A clean air gem for Jewel Day 2015: Manon Doyle

Manon Doyle, in her Scottsdale, Arizona studio.

Metalsmith and jewelry maker Manon Doyle regularly reinvents her artistic self. Her first love was painting. Then she worked in glass mosaics for a while, sometimes in three dimensions, like a sculptor. When she was ready to move on from mosaics, she chose enamel work. To learn enameling basics, she attended workshops at Haystack Mountain School of Crafts in Maine. Because enamel is frequently applied to metal to make jewelry, it led Manon to her current art practice, metalsmithing.



Health Hazards of Crafting/Art Making

Left – Large scale mascot of Brutus Buckeye of Ohio State. Right – Rutilated Quartz Stone in Sterling Silver Ring. Rutile is a mineral composed of mainly titanium dioxide.

Each creative change brought awareness of the health hazards associated with the media and techniques she used. For example, her glass mosaic of Ohio State’s mascot required each glass tessera to be ground smooth; no sharp edges allowed. The resulting dust in her studio reminded Manon that a main ingredient of glass is silica — not a good substance to inhale.

Enamel work requires a kiln or torch to soften glass beads so they flow. Metal oxides used as coloring agents in the beads may be released by the heat as fumes – also not good to inhale.

Manon loves to use sterling silver to create the jewelry that occupies her studio time. She knew that soldering silver had respiratory risks. So she bought a device promoted as a solder smoke eater. Manon didn’t know the device was not as effective as one might hope. (See graphic below.)

Sentry Air meets Manon via Deryn

In Deryn Mentock’s Something Sublime blog, Manon read about Deryn’s quest for clean, safe air to breathe when she soldered. Deryn uses a Winged Sentry Model 200.
Manon decided to give us a call.

Very pleased Manon Doyle is our Jewel Day 2015 artist

We know artists are frequently so ardent about the creative processes that they overlook their own needs. Sentry Air loves Manon’s respect for her lungs and her desire to protect them. Manon ordered a stainless steel Benchtop Solder Fume Extractor for her studio. She said our video that shows how the unit pulls solder smoke away from the user impressed her.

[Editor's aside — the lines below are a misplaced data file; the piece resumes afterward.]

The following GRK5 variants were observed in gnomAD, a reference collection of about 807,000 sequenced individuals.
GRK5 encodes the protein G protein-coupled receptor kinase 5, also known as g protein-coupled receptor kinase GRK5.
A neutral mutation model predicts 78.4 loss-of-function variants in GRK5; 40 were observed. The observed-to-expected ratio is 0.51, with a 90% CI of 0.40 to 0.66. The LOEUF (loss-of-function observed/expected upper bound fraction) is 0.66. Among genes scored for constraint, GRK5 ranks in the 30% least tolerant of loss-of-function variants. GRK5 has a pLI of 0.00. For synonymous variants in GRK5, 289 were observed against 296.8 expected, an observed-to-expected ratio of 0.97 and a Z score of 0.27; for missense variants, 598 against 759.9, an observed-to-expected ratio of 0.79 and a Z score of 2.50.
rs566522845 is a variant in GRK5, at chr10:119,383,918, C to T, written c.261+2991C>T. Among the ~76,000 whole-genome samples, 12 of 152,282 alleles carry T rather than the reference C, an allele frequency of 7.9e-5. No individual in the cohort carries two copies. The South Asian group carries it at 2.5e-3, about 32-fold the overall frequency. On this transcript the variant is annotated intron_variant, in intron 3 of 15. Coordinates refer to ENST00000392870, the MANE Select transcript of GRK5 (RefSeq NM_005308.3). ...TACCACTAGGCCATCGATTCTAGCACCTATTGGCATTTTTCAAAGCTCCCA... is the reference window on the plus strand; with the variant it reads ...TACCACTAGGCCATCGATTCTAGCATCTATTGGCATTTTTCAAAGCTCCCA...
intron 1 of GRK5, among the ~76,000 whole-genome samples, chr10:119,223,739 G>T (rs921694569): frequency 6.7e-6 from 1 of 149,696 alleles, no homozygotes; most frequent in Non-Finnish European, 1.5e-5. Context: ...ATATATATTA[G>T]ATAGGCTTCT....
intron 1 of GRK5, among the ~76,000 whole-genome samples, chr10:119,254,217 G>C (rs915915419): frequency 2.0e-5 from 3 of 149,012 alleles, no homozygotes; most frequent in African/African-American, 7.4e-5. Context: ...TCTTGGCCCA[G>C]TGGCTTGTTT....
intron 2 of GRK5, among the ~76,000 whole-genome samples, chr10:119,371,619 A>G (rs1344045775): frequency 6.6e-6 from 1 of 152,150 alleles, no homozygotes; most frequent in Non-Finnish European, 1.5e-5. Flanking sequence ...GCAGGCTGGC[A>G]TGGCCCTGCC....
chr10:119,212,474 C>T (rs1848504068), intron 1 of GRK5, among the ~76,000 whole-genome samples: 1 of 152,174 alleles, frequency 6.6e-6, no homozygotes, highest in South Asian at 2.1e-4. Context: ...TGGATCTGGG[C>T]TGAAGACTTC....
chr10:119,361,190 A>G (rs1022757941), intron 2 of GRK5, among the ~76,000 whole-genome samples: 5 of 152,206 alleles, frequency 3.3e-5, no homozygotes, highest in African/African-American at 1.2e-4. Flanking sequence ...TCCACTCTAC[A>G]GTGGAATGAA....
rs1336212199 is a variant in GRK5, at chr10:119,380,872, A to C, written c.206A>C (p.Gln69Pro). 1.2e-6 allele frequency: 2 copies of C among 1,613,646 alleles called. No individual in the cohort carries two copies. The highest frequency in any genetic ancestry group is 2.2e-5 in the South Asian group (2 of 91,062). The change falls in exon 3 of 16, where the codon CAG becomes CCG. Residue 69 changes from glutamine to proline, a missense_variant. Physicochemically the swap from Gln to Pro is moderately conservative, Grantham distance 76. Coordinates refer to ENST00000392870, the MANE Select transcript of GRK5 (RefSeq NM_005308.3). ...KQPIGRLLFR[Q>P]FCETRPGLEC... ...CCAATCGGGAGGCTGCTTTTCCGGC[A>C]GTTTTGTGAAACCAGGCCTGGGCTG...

Celebrate Jewel Day, March 13

As we do each year, we hope you’ll acknowledge the creative work of jewelry artists with a little something for yourself or a loved one.

Manon added words to the back of this crazy lace agate necklace in sterling silver because the stone reminded her of the earth.


This Australian chrysoprase cabochon is set in sterling silver and stamped *Dream. Realize.* on the back.

More Information about Manon

You can find more about Manon and her work on her blog, Sisters of the Sun, where you can sign up for her newsletter.

She also has a shop on Etsy.

More Jewelry Artists that use SAS fume extractors

Deryn Mentock — https://sentryair.com/blog/solder-fume-control/jewel-day-2014-deryn-mentock/

Catherine Witherell — https://sentryair.com/blog/solder-fume-control/jewel-day-2014-catherine-witherell/

Sylla Designs — https://sentryair.com/blog/solder-fume-extraction/clean-air-gem-sylla-designs/

Shari Dixon — https://www.sentryair.com/blog/epoxy-fume-control/clean-air-gem-shari-dixon/

Nicole Wayne Adornment Design — https://www.sentryair.com/blog/solder-fume-extraction/clean-air-gem-nicole-wayne-adornment-design/


Video animation shows how Solder Sentry pulls contaminated air away from user [1:04]

“I Could Solder In My Bedroom.”

Testimonial: Sylla Designs